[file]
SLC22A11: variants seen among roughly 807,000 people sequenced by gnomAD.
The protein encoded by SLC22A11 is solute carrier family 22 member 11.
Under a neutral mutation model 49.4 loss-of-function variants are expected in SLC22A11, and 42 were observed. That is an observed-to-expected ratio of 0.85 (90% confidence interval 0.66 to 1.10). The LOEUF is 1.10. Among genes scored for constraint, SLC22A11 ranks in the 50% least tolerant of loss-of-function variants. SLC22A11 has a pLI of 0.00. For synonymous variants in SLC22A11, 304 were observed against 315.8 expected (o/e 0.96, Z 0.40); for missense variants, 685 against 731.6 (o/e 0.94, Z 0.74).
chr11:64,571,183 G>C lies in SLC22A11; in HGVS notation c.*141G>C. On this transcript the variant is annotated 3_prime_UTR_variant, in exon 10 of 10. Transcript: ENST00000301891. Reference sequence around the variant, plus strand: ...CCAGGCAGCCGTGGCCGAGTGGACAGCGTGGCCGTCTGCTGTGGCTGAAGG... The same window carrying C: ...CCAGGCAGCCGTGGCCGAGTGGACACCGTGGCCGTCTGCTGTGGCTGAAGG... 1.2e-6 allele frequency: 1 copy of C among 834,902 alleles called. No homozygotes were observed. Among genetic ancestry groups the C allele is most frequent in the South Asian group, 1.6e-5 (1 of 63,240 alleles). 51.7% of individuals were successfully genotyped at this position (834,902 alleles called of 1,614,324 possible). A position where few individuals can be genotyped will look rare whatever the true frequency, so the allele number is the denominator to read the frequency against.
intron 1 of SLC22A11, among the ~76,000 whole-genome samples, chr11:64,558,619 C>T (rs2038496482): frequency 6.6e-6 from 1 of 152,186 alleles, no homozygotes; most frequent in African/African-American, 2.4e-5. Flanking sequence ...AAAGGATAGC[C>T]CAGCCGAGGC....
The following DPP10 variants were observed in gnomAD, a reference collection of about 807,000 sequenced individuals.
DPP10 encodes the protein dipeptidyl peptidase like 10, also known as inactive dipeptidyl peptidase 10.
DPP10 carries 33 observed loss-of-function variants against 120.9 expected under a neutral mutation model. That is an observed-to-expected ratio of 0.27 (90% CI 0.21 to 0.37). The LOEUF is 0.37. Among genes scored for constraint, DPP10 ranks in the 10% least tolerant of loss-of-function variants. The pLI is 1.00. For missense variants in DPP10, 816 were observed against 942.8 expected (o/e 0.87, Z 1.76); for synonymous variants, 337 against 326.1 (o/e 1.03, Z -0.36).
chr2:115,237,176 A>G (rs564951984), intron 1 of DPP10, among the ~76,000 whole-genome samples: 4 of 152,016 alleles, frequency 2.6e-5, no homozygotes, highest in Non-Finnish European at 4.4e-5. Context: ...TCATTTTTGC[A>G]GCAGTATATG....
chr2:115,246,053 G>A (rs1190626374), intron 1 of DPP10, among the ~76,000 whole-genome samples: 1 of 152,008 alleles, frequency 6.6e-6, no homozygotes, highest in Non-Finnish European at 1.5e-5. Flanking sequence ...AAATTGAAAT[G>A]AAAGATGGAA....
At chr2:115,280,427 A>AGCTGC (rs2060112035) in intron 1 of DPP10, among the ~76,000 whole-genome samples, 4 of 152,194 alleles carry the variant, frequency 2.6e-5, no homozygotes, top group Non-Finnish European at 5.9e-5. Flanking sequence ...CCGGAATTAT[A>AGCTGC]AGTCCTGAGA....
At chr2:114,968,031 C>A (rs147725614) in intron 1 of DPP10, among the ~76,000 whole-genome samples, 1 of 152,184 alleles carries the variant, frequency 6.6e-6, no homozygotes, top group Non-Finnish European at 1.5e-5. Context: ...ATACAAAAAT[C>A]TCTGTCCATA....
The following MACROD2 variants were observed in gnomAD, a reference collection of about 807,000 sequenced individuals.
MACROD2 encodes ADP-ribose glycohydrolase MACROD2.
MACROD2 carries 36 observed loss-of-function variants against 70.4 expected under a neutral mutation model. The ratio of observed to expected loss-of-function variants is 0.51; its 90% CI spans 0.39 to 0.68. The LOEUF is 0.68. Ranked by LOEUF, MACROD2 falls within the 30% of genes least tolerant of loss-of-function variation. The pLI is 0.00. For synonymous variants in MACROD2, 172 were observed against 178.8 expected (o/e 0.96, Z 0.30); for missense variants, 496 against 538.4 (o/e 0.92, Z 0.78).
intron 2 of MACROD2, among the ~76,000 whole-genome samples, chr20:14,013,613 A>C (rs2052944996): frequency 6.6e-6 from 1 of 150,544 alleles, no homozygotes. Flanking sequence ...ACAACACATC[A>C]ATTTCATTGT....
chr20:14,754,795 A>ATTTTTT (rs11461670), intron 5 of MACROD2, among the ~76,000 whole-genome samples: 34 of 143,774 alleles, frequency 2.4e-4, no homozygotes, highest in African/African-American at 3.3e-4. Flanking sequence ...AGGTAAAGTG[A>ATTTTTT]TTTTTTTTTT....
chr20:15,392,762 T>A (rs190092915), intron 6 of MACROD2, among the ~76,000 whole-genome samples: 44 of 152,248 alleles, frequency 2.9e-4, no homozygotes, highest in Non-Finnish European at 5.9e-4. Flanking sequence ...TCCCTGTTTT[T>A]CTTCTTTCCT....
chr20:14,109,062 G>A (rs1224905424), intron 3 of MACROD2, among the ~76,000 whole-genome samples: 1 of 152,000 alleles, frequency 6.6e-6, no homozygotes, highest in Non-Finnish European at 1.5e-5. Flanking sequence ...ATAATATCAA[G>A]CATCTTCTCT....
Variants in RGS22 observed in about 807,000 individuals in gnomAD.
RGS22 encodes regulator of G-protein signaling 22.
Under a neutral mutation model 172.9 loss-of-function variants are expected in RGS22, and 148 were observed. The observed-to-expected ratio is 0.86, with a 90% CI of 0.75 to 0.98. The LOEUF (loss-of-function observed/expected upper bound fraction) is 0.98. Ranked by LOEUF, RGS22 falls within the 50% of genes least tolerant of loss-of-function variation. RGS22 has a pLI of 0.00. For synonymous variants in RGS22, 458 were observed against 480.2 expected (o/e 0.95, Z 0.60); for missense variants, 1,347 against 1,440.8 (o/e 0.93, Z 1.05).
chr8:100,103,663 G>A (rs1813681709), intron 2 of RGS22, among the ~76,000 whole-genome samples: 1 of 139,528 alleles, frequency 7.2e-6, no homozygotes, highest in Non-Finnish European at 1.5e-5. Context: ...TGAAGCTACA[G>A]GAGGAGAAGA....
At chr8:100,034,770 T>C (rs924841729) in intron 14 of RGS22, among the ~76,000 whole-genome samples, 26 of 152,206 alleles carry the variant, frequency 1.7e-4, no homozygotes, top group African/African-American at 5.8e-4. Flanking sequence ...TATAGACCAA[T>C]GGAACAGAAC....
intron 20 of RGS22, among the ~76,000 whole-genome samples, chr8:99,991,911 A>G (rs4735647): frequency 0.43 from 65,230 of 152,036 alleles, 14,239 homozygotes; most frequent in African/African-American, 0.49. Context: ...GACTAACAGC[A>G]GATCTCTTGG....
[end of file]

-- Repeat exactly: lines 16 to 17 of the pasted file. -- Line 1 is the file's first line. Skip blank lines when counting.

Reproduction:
intron 2 of MACROD2, among the ~76,000 whole-genome samples, chr20:14,013,613 A>C (rs2052944996): frequency 6.6e-6 from 1 of 150,544 alleles, no homozygotes. Flanking sequence ...ACAACACATC[A>C]ATTTCATTGT....
chr20:14,754,795 A>ATTTTTT (rs11461670), intron 5 of MACROD2, among the ~76,000 whole-genome samples: 34 of 143,774 alleles, frequency 2.4e-4, no homozygotes, highest in African/African-American at 3.3e-4. Flanking sequence ...AGGTAAAGTG[A>ATTTTTT]TTTTTTTTTT....